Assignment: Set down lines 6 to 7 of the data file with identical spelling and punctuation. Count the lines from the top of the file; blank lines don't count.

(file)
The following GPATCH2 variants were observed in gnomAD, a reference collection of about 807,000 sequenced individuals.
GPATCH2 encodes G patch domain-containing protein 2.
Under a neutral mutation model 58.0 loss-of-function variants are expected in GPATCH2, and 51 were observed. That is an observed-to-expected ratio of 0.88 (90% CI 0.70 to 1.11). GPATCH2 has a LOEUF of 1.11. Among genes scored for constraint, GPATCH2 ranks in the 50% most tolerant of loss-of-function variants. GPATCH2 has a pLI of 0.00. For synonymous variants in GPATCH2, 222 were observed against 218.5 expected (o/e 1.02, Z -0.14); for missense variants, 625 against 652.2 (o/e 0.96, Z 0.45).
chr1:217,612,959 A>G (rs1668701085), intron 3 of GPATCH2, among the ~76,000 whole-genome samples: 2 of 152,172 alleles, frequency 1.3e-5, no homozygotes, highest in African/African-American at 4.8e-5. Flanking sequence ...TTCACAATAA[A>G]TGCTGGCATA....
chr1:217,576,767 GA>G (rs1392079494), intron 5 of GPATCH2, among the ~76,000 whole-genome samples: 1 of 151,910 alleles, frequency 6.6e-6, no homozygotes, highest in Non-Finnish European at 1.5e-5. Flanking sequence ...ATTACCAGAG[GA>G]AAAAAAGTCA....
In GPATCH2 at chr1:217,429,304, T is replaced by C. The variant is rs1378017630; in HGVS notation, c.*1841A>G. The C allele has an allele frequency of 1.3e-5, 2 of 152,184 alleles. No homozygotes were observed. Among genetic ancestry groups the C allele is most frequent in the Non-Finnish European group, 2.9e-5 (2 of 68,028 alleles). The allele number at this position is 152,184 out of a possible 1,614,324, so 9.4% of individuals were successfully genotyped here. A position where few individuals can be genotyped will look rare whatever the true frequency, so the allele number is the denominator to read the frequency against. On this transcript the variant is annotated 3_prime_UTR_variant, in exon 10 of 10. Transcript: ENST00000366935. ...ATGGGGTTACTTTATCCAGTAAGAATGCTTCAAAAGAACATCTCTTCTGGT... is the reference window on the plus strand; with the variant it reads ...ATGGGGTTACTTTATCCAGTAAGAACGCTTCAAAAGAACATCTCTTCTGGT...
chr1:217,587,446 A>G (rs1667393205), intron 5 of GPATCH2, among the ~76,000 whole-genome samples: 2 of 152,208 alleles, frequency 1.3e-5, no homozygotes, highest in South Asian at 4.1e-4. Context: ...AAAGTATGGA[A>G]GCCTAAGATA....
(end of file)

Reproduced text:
In GPATCH2 at chr1:217,429,304, T is replaced by C. The variant is rs1378017630; in HGVS notation, c.*1841A>G. The C allele has an allele frequency of 1.3e-5, 2 of 152,184 alleles. No homozygotes were observed. Among genetic ancestry groups the C allele is most frequent in the Non-Finnish European group, 2.9e-5 (2 of 68,028 alleles). The allele number at this position is 152,184 out of a possible 1,614,324, so 9.4% of individuals were successfully genotyped here. A position where few individuals can be genotyped will look rare whatever the true frequency, so the allele number is the denominator to read the frequency against. On this transcript the variant is annotated 3_prime_UTR_variant, in exon 10 of 10. Transcript: ENST00000366935. ...ATGGGGTTACTTTATCCAGTAAGAATGCTTCAAAAGAACATCTCTTCTGGT... is the reference window on the plus strand; with the variant it reads ...ATGGGGTTACTTTATCCAGTAAGAACGCTTCAAAAGAACATCTCTTCTGGT...
chr1:217,587,446 A>G (rs1667393205), intron 5 of GPATCH2, among the ~76,000 whole-genome samples: 2 of 152,208 alleles, frequency 1.3e-5, no homozygotes, highest in South Asian at 4.1e-4. Context: ...AAAGTATGGA[A>G]GCCTAAGATA....